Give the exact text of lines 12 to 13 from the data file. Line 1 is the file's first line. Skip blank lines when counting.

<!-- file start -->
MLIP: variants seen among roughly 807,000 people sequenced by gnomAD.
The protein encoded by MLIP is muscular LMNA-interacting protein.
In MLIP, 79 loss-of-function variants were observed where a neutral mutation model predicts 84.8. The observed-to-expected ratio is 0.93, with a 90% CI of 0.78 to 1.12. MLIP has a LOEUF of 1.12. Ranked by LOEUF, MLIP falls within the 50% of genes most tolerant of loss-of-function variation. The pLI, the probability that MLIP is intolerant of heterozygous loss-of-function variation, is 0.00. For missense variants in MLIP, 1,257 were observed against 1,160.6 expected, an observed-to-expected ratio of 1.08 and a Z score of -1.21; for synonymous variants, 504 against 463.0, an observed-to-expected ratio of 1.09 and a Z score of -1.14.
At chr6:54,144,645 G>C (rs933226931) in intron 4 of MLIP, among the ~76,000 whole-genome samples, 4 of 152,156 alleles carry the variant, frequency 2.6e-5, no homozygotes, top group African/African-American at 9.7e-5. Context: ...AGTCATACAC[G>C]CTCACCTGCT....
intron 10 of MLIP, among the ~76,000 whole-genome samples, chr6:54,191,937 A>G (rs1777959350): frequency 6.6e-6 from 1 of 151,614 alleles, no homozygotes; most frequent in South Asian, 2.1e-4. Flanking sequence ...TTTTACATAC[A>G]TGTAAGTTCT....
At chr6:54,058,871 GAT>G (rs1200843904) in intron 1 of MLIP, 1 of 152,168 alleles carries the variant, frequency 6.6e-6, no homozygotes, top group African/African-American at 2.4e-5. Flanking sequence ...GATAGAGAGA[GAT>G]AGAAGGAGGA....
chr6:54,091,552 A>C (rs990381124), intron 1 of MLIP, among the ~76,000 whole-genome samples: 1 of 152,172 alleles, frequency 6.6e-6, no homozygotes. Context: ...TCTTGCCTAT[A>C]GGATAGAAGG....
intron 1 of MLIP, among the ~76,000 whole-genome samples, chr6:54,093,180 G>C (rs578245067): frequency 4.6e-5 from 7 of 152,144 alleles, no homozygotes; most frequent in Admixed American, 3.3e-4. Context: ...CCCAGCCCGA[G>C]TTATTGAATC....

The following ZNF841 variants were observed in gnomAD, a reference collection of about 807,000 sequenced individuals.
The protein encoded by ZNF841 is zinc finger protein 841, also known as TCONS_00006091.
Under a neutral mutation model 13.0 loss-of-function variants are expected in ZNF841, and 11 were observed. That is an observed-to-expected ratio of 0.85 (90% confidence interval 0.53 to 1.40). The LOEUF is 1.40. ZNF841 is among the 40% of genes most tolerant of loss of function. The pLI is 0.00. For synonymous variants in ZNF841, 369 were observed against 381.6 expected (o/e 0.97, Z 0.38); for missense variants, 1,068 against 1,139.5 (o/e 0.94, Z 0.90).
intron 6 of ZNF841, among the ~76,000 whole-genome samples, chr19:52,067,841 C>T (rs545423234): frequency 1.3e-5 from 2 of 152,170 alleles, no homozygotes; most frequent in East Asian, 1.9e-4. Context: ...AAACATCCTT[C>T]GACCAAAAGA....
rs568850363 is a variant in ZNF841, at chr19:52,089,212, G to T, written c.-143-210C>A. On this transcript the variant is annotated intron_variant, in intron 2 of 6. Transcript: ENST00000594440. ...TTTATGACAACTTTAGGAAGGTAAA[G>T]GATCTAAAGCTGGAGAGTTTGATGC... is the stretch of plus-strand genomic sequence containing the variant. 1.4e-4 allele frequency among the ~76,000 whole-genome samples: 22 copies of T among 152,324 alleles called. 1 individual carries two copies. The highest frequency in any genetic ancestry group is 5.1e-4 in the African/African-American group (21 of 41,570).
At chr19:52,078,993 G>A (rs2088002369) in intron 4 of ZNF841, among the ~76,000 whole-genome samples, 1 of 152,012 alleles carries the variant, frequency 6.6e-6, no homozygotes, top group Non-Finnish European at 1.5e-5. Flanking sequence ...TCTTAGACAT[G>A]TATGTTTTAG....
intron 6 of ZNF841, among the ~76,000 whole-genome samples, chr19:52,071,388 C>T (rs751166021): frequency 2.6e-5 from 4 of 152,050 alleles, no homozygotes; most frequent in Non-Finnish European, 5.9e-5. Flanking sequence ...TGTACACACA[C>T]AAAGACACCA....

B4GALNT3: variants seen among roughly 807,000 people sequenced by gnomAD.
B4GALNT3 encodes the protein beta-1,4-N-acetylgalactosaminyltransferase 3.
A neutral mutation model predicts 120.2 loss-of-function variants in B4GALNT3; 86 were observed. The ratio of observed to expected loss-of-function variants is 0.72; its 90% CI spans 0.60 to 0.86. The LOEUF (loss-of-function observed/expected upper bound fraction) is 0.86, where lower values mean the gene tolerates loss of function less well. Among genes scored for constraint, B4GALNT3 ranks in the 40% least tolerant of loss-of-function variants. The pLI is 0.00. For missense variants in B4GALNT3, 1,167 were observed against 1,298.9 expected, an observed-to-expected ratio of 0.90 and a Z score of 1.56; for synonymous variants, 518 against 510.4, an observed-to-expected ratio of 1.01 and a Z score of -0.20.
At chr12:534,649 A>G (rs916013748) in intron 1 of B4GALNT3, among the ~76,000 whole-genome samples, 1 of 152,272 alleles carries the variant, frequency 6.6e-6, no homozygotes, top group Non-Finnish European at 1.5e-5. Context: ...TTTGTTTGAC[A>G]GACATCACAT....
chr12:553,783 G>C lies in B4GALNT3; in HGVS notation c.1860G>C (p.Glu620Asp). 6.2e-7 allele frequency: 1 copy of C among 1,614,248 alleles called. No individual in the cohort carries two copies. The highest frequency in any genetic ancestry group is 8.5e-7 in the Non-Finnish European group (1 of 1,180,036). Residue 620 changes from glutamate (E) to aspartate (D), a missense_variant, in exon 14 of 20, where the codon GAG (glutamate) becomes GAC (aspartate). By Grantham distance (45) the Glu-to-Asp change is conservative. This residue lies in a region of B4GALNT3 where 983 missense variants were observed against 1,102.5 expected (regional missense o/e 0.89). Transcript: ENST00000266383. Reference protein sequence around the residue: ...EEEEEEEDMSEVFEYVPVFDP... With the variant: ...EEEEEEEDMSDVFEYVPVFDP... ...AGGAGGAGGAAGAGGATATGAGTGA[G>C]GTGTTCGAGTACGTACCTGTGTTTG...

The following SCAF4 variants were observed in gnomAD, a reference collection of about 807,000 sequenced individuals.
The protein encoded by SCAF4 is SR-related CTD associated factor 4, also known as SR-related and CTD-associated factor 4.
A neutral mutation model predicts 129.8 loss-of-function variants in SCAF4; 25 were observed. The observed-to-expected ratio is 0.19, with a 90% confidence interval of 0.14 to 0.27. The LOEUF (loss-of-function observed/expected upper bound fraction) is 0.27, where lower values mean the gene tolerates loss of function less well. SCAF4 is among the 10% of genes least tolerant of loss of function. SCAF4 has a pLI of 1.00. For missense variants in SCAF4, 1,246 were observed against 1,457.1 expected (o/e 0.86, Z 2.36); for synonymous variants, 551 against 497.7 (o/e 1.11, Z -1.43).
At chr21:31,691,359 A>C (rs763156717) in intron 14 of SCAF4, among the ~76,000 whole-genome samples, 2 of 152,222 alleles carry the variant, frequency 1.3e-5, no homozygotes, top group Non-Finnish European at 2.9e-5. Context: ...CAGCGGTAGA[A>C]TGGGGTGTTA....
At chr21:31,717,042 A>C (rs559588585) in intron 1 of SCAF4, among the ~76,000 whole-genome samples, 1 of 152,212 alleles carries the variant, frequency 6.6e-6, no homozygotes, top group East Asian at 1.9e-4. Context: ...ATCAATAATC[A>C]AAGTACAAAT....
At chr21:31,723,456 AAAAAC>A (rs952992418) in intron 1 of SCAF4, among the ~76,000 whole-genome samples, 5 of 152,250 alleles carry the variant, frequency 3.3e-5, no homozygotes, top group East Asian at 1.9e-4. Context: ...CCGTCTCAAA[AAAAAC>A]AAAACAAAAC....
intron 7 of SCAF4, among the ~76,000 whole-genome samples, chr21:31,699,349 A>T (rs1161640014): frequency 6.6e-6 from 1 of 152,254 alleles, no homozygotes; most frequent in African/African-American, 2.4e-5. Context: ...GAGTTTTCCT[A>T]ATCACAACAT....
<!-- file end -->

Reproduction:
intron 6 of ZNF841, among the ~76,000 whole-genome samples, chr19:52,067,841 C>T (rs545423234): frequency 1.3e-5 from 2 of 152,170 alleles, no homozygotes; most frequent in East Asian, 1.9e-4. Context: ...AAACATCCTT[C>T]GACCAAAAGA....
rs568850363 is a variant in ZNF841, at chr19:52,089,212, G to T, written c.-143-210C>A. On this transcript the variant is annotated intron_variant, in intron 2 of 6. Transcript: ENST00000594440. ...TTTATGACAACTTTAGGAAGGTAAA[G>T]GATCTAAAGCTGGAGAGTTTGATGC... is the stretch of plus-strand genomic sequence containing the variant. 1.4e-4 allele frequency among the ~76,000 whole-genome samples: 22 copies of T among 152,324 alleles called. 1 individual carries two copies. The highest frequency in any genetic ancestry group is 5.1e-4 in the African/African-American group (21 of 41,570).